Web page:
The 2nd section, aptly called “Laments,” explores such topics as “Insomnia, Revealed,” “None for Me,” and “Auntie Em’s Lament” which is a splendid spoof on Dorothy in Kansas after her return from the Land of Oz. The 3rd section, “Praise And Petitions,” winks at all forms of communion from the ritual of recycling “At the altar of the curb” to eye-wandering in church…the 4th section explores “Love, Maybe—and Love, Certainly.” We traverse a variety of love landscapes with the poet: old love; prophetic love; reconciled love; distant love; and always, in every poem, the love of language and imagery shines through as in “Robert Bly Reads His Poetry” when “as he speaks, a feather drifts into the spotlight, floating slowly above his head.” What a gorgeous image; one of many in this debut collection.

Read the full review at Jenene Ravesloot's Poetry Reviews Facebook page.

Lennart Lundh on Highland Park Poetry wrote:

In its thirty-six free-verse poems, Anara Guard’s collection, Hand on my Heart, unflinchingly approaches the narrator’s personal and public lives, complete with joys and tragedies both mundane and spiritual. Serious and direct, Guard consistently fills her ruminations with wonderful images. The language is clear and carefully chosen, the subjects and references cross-generational.

“Yes, She Knew” speaks to Yeats’ “Leda and the Swan,” answering what the poet sees as its central question quickly and directly, following with vivid imagery as proof:

They flew above the forests
heaving with rain,
and she watched the flamingos dance
their pink seduction.
She saw the deserts,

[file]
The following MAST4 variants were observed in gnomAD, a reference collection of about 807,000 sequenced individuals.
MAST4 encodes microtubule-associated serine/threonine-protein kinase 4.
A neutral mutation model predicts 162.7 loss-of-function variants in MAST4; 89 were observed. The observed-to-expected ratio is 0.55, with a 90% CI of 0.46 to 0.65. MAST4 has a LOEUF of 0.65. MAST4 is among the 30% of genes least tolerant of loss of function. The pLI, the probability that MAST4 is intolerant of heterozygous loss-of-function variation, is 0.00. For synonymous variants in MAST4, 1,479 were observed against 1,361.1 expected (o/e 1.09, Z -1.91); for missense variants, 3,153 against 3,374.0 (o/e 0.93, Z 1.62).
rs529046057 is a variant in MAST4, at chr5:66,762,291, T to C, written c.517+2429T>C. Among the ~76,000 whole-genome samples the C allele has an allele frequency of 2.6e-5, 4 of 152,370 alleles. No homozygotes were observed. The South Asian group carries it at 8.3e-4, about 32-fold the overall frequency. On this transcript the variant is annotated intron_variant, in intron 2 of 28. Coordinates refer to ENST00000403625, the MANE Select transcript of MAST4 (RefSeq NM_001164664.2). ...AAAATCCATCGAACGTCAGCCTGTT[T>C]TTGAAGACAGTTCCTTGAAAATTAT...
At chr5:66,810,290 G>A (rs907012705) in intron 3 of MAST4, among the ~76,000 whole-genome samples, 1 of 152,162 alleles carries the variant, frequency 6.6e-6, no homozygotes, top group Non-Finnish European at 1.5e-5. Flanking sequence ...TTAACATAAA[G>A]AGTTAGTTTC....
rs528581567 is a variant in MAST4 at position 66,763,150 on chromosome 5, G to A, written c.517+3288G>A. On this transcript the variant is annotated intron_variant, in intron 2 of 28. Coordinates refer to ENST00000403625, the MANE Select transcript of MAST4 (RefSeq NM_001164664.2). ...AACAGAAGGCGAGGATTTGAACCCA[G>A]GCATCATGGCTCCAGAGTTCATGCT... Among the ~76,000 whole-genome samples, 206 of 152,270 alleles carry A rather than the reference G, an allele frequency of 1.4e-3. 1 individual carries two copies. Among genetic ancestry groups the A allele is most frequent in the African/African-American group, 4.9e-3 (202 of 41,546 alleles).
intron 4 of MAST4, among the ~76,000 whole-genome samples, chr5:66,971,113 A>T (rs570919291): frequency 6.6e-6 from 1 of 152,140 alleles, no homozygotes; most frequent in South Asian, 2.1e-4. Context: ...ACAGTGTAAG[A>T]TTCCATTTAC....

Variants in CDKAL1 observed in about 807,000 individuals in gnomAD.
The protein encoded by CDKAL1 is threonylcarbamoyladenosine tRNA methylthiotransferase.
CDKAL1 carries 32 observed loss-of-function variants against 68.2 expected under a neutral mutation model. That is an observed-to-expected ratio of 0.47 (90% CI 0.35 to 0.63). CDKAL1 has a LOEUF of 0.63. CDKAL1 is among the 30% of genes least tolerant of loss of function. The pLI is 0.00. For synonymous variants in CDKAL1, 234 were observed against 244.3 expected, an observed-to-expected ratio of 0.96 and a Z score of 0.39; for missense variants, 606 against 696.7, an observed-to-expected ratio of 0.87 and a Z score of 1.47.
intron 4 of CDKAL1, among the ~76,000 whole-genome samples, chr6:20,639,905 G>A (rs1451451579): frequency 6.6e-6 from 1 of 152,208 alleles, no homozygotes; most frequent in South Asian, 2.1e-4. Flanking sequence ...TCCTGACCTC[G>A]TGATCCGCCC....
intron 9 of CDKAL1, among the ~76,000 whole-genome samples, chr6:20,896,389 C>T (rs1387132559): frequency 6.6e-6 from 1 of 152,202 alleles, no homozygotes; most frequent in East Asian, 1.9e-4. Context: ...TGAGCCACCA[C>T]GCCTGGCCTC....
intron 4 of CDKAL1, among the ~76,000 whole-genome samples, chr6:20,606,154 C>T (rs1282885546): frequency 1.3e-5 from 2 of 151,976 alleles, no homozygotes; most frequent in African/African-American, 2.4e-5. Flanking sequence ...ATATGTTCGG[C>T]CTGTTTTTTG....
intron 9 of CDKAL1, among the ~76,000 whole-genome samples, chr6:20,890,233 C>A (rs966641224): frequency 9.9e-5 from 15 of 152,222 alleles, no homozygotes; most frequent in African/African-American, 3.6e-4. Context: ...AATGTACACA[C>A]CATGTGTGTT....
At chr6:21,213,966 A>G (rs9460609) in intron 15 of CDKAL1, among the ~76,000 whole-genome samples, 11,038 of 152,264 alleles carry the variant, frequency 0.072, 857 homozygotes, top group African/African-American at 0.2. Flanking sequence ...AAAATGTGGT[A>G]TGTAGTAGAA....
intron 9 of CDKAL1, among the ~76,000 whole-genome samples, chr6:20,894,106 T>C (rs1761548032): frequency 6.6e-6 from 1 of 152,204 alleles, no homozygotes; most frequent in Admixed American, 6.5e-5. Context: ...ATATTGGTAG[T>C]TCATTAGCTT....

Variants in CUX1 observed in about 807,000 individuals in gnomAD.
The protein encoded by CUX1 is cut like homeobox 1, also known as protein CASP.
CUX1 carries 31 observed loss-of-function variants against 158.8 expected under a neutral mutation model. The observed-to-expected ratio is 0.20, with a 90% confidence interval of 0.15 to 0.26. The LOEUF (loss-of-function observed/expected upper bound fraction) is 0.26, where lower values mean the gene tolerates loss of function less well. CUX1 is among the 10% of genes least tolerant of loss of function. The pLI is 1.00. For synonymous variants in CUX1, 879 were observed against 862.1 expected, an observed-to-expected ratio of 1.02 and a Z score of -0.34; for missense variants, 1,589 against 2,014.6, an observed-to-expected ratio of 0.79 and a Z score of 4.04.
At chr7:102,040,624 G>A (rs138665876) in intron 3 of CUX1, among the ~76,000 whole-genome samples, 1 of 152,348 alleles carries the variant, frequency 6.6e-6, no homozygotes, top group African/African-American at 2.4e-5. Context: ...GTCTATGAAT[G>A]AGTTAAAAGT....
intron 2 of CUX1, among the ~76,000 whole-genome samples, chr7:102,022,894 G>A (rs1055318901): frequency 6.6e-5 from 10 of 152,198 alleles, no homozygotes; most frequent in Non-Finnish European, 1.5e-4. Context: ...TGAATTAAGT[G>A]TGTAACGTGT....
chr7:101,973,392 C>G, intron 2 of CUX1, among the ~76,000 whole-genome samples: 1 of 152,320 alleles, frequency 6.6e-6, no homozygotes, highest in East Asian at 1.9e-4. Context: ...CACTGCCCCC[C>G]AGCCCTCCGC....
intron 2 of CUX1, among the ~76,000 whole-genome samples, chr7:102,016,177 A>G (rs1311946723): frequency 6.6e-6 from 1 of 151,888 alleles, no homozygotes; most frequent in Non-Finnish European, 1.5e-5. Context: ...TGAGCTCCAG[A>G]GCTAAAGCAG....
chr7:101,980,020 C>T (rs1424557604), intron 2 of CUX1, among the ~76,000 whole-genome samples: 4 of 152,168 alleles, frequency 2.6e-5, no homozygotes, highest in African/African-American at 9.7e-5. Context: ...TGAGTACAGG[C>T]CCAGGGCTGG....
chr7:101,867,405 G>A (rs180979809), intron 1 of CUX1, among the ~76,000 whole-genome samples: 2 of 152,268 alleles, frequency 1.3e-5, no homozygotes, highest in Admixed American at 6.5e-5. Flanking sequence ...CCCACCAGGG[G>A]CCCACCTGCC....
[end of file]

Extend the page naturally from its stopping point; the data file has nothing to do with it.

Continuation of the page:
scraped clean to the bone.

In contrast, “>45” answers its question, “What is greater than forty-five?” by way of a clever, and clearly political, list poem that always and never names its subject:

Bottles of beer on the wall
Cards in a deck, even after we remove all the jokers

Colors in the big box of crayons
Native American nations

before concluding, “what is greater than 45? // We are.”

After “Hole in My Head” reminds us of the fragility of memories (“Where is that word? / I need it to fill a hole / in my heart.”), “Regret” warns, through their similarity to a garden, against failing to deal with them in time:

I have waited too long to prune
and my roses have grown tangled
and straggly. They resist
all efforts to tame them now.

Miscarriages and drownings. Recycling. Love, with its resilience or departure. The inevitable growth of a child and the lessons contained therein. Hand on My Heart is a marvelous gathering of Life’s examples to us, deserving from start to finish of your time.


About the Author

Anara studied writing at the Urban Gateways Young Writers Workshop of Chicago with Kathleen Agena, the Idyllwild School of Music and the Arts with Norman Corwin, Columbia College Story Workshop, St. Joseph’s College with Stu Dybek, Bread Loaf Writers Conference with Robert Cohen and Alix Ohlin, and the Community of Writers at Squaw Valley. She graduated from Kenyon College in Gambier, Ohio, and Simmons College Graduate School of Library and Information Science in Boston. In 2010, Back Pages Publishing issued her first collection of short stories, The Sound of One Body. Remedies for Hunger (2014) is her second story collection and was named one of the Best Books of 2015 by the Chicago Book Review.

She is also a poet and memoirist. Her poems have improbably won both a John Crowe Ransom Poetry Prize and a Jack Kerouac Poetry Prize. Her work has recently appeared in The Ear, Gold Man Review, Convergences, and Under the Gum Tree.  She and her sister, Gay Guard-Chamberlin, perform their poetry together as "Sibling Revelry".